Venezuela’s President Hugo Chávez is battling for his life after cancer surgery in Cuba and will not attend his January 10 inauguration in Caracas. And it is an absence leaving a trail of questions for Venezuelans living abroad. They are asking what’s next. Will Chávez, a protégé of Fidel Castro and foe of Washington, continue pioneering what he calls his “21st Century Socialism,” and, if he can’t, what about the next leader?
It’s a situation that has Venezuelans on edge, playing out like a Latin American magic realism novel, or one of the country’s popular telenovelas.
It started on December 10th, when President Hugo Chávez traveled to Cuba for his fourth cancer surgery. Since then, he has disappeared from the public and is believed to be in grave condition. Meanwhile, his inauguration—the start of his 14th year in power, his third term in office—was slated for January 10. The presidents of Uruguay and Bolivia said that they will be there. But Chávez? He won’t show.
In Venezuela, Chávez supporters are holding street rallies to show their support. They’re chanting, “The constitution is the revolution!” They wave what’s known as the “Little Blue Book,” a pocket-sized copy of Venezuela’s constitution, which Chávez revamped after taking power in 1999. But those revamped laws are up for debate. Critics said that Chávez and his supporters are stretching the constitution to protect the president’s power.
Asdrúbal Aguiar is a Venezuelan law professor and former judge with the Interamerican Court of Human Rights. In an interview with Globovisión, a TV channel critical of Chávez, he said, “The first thing to prove is, was he elected by popular vote? Yes. Was he declared president? Yes. Has he been sworn in? No, not yet,” he said. “So, if this doesn’t happen on January 10th, we need to revise the constitutions of 1961, 1952, 1947, 1936. We must check all of our constitutions.”
To Venezuelans in the United States, it can look confusing. “They’re not really creating a climate of institutional authority in Venezuela,” said Otto Scheuren, an advertising executive in Los Angeles. He left Venezuela for a better job in the U.S. 11 years ago, shortly after the 2002 failed coup attempt against Chávez. He keeps up with the news back home through friends, family, and Venezuelan papers online.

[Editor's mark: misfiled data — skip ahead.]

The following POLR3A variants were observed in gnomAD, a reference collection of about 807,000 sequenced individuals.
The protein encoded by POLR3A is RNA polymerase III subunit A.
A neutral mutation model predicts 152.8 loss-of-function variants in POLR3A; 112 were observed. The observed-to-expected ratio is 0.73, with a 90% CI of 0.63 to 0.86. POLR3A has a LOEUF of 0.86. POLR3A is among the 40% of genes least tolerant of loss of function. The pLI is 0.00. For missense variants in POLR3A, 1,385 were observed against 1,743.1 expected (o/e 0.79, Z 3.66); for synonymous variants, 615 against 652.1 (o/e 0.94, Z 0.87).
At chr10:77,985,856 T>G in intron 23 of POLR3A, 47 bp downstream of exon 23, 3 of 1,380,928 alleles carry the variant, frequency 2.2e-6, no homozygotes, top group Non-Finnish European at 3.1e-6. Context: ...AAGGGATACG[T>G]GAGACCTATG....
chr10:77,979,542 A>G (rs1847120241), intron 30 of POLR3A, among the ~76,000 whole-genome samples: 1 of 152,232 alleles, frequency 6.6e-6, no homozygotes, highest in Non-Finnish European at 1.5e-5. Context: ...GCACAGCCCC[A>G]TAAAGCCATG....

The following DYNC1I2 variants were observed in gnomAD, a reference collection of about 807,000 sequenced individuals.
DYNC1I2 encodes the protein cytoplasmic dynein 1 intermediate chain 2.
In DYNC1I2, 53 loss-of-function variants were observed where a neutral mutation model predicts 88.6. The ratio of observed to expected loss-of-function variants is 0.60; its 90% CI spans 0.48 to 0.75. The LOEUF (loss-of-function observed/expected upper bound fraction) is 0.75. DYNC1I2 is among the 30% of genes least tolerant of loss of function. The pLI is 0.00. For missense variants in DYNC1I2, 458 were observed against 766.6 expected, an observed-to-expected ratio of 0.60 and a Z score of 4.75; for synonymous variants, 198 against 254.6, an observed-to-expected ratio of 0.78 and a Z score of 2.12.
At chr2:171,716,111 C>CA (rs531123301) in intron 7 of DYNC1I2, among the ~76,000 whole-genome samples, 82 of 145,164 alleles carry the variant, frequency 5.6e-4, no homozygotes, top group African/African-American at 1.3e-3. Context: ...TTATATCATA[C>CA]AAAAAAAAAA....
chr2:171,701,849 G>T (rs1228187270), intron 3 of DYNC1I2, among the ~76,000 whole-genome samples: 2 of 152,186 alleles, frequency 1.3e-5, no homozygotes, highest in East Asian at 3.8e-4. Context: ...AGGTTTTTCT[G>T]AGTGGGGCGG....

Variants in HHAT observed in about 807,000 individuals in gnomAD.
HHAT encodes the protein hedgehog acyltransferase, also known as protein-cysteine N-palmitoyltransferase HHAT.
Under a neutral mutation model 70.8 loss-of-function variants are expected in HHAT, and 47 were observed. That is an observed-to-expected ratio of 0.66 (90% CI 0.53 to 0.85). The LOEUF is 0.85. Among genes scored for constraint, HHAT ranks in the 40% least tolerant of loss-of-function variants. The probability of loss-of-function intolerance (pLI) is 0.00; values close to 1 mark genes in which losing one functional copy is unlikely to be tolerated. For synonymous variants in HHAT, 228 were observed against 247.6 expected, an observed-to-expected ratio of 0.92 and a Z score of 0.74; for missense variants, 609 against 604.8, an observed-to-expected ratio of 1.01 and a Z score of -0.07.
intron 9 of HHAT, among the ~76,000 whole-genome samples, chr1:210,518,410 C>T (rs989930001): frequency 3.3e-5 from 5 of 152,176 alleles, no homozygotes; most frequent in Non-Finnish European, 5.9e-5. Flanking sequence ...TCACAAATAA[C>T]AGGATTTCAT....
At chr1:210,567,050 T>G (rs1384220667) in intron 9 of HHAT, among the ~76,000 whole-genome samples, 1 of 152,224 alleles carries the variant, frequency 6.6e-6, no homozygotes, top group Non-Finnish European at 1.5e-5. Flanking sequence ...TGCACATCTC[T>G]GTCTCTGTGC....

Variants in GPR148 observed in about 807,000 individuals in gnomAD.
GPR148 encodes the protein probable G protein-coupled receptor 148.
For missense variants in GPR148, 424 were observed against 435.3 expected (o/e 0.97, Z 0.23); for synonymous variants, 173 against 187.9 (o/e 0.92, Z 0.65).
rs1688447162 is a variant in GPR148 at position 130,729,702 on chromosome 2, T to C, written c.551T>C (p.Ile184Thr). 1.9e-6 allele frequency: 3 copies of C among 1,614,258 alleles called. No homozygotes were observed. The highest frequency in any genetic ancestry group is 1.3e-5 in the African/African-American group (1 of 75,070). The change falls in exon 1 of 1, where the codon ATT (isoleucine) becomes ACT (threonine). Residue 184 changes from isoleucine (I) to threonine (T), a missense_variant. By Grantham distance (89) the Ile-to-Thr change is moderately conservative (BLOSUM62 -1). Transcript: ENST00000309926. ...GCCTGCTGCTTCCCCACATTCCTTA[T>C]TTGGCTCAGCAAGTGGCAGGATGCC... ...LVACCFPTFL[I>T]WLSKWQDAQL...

“Now that Chávez is sick, it’s even more obvious,” said Scheuren. “We have a constitution, but now he’s asked for an extension and was granted one. So then why do we even have a constitution? We Venezuelans have no idea where we’re headed to—we haven’t known for years.”
Scheuren is disheartened. Venezuela’s rule of law is vanishing, he said, and he wonders what will happen after January 10th. Will the country follow the constitution and respect a 90-day temporary ruling period by the head of Venezuela’s Congress? And then what? What if Chávez still can’t return? Will there be new elections?
Meantime, in Venezuela, Chávez’s political rivals are fueling concerns. Henrique Capriles Radonski, who lost to Chávez in October’s elections, worries about the military’s role in a political transition. Chávez is a former colonel—close to the military. And so is Diosdado Cabello, who leads Venezuela’s congress and would assume power if Chávez can’t. Cabello is also loyal to chavismo—the president’s anti-capitalist, hard-left ideology—and will stick to it, he said, with or without Chávez.
The thought of a post-Chávez Venezuela led by the military gives Edgardo Ochoa chills. He’s from Venezuela’s city of Valencia and moved to Los Angeles in 1996. “I don’t see what’s going to happen in the next month or two,” Ochoa said. “The status quo, for me, is going to stay. It doesn’t make a huge difference is Chávez is dead or if he’s not dead, because the problem is the people—the people that he has there ruling the country.”
But can the revolution survive without its leader? Luis Duno-Gottberg believes so. He is a Venezuelan professor of Hispanic Studies at Rice University in Houston. Duno-Gottberg said that Chávez’s long rule has transformed Venezuela’s society—and that his brand of politics, chavismo, can endure. After all, he said, Venezuelans have voted for Chávez’s socialist rule and protested to defend his rule.
But there are complications: possible splits within the military. And loyalties might fade without Chávez’s spirit. It is a political drama that turns off many Venezuelans who have found more stability in the United States. Advertising executive Otto Scheuren sums it up this way:
“The country where you were born is like your mother: you cannot choose your mother. Regardless, you love her very much. But the country where you choose to live is like your wife—you do get to choose whom you marry. And I feel that, in my case, Venezuela is my home country, my mother—but I just can’t live with her anymore.”
Scheuren said that he has no plans to return to Venezuela, even if Chávez isn’t there anymore.
“We’re walking forward with a broken compass,” Scheuren said. He added that it will take a lot more than new presidential elections for Venezuela to find a political path that feels right to him again.